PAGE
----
The Bristol County Water Authority is in bad financial shape.
Pamela Marchand, executive director of the water authority, delivered that message to the town councils of Barrington, Warren and Bristol Wednesday evening, Dec. 19, in Barrington Town Hall.
The Tri-Town Meeting was set up by the water authority to brief the 15 councilors on its new strategic and financial plans and its need for a double-digit rate hike for next year. That rate hike will be explained at a public hearing for ratepayers tonight at 6 at Mt. Hope High School.
“We’re not in a good financial situation right now,” Marchand said. “We will run out of cash by the end of next year” without a significant boost in revenue.
Marchand explained after the meeting that she was referring to cash used to pay operating and capital expenses. The water authority still has millions of dollars set aside in reserves to pay off bonds. But that cash cannot be used for day-to-day expenses, she said.
The town councilors also learned Wednesday that the financial situation might be even a bit worse than Marchand explained. Two representatives from the Anawan Club in Rehoboth, Mass., informed the councilors that the club filed a lawsuit against the water authority in Superior Court in Taunton, Mass., on Tuesday, Dec. 18.
The club, which has had an agreement with the water authority for water in the Shad reservoir for decades, is suing the authority for approximately $300,000. The club said it is owed that amount of cash for maintenance and repairs to the dam that feeds the Shad pipeline.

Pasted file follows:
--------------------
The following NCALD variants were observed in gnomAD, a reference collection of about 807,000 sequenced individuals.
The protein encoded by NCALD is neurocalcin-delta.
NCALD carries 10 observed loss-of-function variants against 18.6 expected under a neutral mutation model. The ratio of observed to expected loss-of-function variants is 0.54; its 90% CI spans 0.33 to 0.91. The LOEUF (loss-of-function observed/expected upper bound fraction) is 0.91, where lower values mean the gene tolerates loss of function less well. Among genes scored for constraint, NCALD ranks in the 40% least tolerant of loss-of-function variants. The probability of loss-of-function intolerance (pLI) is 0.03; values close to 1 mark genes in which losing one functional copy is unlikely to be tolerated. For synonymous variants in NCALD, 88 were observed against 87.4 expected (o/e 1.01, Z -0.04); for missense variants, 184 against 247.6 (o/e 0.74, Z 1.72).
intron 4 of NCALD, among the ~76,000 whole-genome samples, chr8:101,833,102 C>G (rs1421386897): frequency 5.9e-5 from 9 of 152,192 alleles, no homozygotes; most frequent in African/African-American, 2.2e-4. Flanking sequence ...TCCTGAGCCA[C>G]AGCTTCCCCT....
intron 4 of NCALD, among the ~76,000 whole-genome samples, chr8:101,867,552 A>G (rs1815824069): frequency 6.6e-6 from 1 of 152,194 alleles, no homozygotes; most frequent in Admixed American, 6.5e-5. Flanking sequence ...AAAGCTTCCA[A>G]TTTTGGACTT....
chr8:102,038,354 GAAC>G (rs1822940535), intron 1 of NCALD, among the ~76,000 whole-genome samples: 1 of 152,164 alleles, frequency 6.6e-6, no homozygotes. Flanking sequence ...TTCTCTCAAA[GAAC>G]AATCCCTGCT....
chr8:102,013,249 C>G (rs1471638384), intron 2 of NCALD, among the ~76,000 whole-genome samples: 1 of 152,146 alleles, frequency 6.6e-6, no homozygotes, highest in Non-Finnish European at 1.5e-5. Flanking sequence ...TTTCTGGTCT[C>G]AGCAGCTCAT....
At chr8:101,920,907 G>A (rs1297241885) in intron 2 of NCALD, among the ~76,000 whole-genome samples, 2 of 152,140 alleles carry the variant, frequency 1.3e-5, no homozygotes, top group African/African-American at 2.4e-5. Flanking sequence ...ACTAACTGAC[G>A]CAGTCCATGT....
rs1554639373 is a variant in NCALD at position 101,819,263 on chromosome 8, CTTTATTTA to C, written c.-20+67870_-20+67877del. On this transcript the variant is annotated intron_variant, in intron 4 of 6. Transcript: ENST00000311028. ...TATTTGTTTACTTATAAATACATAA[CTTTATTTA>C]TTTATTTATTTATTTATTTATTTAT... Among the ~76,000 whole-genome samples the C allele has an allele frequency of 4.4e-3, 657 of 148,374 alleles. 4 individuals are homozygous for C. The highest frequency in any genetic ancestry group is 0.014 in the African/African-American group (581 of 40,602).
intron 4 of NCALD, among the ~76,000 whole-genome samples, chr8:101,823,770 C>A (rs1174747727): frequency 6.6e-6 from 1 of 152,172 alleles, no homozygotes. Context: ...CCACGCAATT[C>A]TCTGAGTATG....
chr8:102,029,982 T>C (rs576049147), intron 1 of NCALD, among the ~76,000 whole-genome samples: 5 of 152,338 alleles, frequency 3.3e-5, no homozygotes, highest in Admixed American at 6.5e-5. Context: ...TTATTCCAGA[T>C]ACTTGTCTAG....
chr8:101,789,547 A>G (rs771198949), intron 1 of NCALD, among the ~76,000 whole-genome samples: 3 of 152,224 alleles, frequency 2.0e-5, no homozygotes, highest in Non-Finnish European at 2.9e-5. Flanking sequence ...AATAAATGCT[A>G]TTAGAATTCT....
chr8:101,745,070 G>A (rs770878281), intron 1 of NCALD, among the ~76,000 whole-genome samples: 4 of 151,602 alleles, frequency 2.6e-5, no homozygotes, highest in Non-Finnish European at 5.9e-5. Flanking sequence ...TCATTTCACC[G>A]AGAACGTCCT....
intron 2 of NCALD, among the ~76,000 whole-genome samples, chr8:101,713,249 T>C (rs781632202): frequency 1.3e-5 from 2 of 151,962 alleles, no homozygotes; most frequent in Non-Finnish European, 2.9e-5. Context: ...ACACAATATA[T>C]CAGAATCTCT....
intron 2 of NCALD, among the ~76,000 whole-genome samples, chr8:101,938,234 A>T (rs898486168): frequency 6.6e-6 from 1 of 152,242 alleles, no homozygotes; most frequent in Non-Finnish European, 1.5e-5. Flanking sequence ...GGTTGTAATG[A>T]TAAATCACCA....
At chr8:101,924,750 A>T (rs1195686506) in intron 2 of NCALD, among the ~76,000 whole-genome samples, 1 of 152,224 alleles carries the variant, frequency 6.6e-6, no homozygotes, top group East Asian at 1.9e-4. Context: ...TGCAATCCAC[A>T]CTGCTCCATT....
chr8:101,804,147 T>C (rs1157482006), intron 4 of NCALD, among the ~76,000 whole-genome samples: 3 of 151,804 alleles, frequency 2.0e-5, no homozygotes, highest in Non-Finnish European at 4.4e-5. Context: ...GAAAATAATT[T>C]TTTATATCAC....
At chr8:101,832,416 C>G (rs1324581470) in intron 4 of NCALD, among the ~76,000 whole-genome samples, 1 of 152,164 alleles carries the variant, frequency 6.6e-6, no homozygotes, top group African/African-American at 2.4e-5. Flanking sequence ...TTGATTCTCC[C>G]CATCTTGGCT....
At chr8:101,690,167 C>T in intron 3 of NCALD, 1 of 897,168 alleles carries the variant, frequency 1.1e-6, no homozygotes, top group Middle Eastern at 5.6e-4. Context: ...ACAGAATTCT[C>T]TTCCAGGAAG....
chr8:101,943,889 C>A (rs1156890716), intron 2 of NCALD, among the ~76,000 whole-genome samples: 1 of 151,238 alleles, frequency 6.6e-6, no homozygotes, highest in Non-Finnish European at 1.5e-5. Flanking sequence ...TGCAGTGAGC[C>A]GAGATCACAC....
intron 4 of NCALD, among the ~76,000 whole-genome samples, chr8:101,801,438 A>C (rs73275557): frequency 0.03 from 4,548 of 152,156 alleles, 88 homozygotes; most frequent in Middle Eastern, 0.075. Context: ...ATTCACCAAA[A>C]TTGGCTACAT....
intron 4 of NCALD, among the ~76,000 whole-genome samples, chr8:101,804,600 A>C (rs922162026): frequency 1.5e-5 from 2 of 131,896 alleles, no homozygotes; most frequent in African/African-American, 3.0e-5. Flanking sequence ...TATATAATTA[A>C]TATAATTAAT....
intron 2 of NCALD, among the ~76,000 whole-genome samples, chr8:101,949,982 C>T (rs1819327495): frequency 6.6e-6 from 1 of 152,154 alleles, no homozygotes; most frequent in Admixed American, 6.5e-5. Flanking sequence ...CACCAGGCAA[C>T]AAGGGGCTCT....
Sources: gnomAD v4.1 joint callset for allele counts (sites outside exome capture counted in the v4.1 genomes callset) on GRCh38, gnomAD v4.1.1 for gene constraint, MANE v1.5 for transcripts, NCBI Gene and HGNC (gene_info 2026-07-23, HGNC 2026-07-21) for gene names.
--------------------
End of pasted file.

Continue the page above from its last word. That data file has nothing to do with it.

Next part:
The costs have accumulated over 18 years, and through mounds of correspondence with water authority officials, according to the club representatives. Anawan filed the lawsuit after being unable to reach a settlement agreement with the water authority over the costs.
Marchand spent most of the meeting outlining the water authority’s new strategic plan, which was crafted based on a “situational analysis” that shows an aging infrastructure, a single water source, declining demand for water, and outdated management systems.
The board has set goals, therefore, to maintain a secure source of high-quality water, address infrastructure that is 100 years old in some cases, improve management systems, ensure financial stability, and improve customer relations.
“Those goals are all interrelated,” Marchand said. “They must be met together.”
The water authority plans first to secure a backup water supply by building a pipeline through East Providence to Pawtucket, which can supply all of Bristol County’s water if necessary.
But that will take some political muscle to “modify” the Bristol County Water Act, she said, which requires the authority to maintain its supplies and facilities to Massachusetts.
The authority then wants to start making upgrades to pump stations, water tanks, the meter system and 60 miles of water mains, including a main that runs under Maple Avenue in Barrington, over the next 20 years.
“We’re running out of time to do that before we see water quality issues,” Marchand said, referring specifically to cast-iron mains that must be cleaned and lined of deposits.
All of the above requires a boost in revenue, which has been dropping because rate payers have been conserving water. The average rate payer in Bristol County uses 41 gallons of water a day, far less than the state’s goal of 65 gallons a day, she said.
The authority already has reduced costs, Marchand said, by cutting debt service, negotiating a favorable contract with the union and reducing retirement expenses. All that remains is to raise rates – by 12 percent next year and 4 percent a year on top of that for four more years.
“I guess we don’t have the water system we thought we had,” said Warren Town Councilor Joe DePasquale. “Now we need a big increase.”